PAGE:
“Unlike other countries in the Asia-Pacific region, Japan has not yet contained covid-19 transmission. Despite its poor performance, Japan still invokes exceptionalism and continues to conceptualise covid-19 within previous planning for pandemic influenza. The second state of emergency in the Greater Tokyo area was lifted in late March despite early indications of a resurgence and an increase in covid-19 patients with variants of concern, which have now spread across Japan.

The country’s limited testing capacity and sluggish vaccine rollout have been attributed to lack of political leadership. Even healthcare workers and other high risk populations will not have access to vaccines before Tokyo 2020, to say nothing of the general population.”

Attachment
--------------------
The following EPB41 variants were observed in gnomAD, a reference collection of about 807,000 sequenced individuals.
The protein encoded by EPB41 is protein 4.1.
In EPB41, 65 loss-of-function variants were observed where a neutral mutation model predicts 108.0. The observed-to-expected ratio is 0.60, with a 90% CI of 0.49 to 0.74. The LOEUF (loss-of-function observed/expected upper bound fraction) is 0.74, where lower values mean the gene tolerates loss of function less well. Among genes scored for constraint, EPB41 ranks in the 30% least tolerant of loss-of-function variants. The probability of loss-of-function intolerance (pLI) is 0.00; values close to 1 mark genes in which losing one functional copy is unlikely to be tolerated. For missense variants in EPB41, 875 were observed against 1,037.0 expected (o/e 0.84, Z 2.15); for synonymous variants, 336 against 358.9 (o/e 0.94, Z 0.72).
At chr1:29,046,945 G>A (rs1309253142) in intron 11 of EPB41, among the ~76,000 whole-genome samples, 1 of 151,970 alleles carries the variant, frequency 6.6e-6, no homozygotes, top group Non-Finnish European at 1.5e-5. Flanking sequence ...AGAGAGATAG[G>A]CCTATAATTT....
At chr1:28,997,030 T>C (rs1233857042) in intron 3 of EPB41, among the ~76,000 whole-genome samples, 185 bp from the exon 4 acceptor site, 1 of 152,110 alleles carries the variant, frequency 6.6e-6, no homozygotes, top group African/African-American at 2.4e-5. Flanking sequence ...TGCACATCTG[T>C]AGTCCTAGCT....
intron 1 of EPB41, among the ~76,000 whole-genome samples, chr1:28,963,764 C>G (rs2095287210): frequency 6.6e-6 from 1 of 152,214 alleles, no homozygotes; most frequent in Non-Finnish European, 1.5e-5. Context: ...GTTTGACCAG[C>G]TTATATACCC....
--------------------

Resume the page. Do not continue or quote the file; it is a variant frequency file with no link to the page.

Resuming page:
Of course, Japan is not the only country whose hospital intensive care units (ICU’s) are overwhelmed in capacity — after all, one needs to take into consideration that the Olympics are international events which require large scale international travel, which is a deadly mix when combined with the rate of transmission of the virus. On top of that, there are still many countries that do not have their infection rates contained and under control, nor do they have at least 75% of their populations fully vaccinated; more importantly, the world is still in the middle of a global pandemic. Plus, there are variants of concern that are circulating and significantly affecting (and in some cases killing) an increasing number of younger people — especially those who are frontline ‘essential’ workers — who now make up most of the ICU admissions. To add to the absurdity, the organizers also had the audacity to ask for 10,000 medical personnel plus an additional 500 extra nurses to be re-deployed to the Olympic Village in spite of the fact that many ICU’s are not only overwhelmed in terms of capacity but are also short-staffed.